Bill to add new division to State Vet’s office passes first step today
Division would focus on emergency preparedness, response
FRANKFORT (Feb. 21, 2023) – A bill to add a new division within the Kentucky Department of Agriculture’s (KDA) Office of the State Veterinarian to enhance the department’s preparedness and response to animal emergencies was approved in the Senate Ag Committee today, Commissioner of Agriculture Dr. Ryan Quarles announced.
“Protecting the health of livestock and poultry in the commonwealth is a top priority of the Kentucky Department of Agriculture and the Office of the State Veterinarian,” Commissioner Quarles said. “That protection means being ready for an emergency. The changes that will come about with Senate Bill 46 will go a long way in helping us achieve this goal.”
The need for Senate Bill 46 (SB46) was first introduced in November when Commissioner Quarles, KDA Chief of Staff Keith Rogers, and State Veterinarian Dr. Katie Flynn testified before the Interim Joint Committee on Agriculture. After passage today, the bill now goes to the full Senate floor for passage.
In addition to creating the Division of Emergency Preparedness and Response to the State Vet office, SB46 renames two current divisions including the Division of Animal Health to the Division of Regulatory Field Services and the Division of Producer Services to the Division of Animal Health Programs. The changes address the top three deficiencies the Office of the State Veterinarian (OSV) identified during the last year: emergency programs, policy and regulations, and outreach and education.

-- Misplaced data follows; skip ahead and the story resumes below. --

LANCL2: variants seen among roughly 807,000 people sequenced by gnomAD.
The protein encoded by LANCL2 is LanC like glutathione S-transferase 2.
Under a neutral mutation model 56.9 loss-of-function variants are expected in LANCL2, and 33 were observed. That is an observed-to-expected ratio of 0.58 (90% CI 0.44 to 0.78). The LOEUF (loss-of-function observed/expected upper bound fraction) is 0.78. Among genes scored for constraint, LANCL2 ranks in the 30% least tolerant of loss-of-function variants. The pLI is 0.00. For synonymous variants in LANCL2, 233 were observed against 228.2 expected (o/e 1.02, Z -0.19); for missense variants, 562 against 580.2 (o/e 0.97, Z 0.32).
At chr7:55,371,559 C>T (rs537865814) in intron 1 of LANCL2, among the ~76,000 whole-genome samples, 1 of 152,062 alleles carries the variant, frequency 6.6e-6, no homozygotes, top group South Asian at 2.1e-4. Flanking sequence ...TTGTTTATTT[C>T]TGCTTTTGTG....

OSV is currently made up of 35 positions, led by the state veterinarian and deputy state vet. Most of the jobs, 25, are in Animal Health. The remaining 10 staff are in the Producer Services division. SB46 would provide for increased staff and resources, allowing OSV to be better positioned for its principal role in protecting Kentucky’s animal agriculture.
OSV’s need for more staff has been put on critical display in the last 18 months as the office dealt with several animal disease and natural disaster occurrences, including a Chronic Wasting Disease case in a deer near the Tennessee border, which initiated required surveillance throughout several counties in Kentucky; devastating tornadoes that impacted agriculture across Western Kentucky; several outbreaks of Highly Pathogenic Avian Influenza, a deadly virus for domesticated poultry; and widespread flooding in Eastern Kentucky.
SB46 would allow the state vet’s office to be in a better position to defend the state’s agriculture livestock against disease and nature disasters, while at the same time completing the other tasks that maintain the health of the state’s herds and flocks.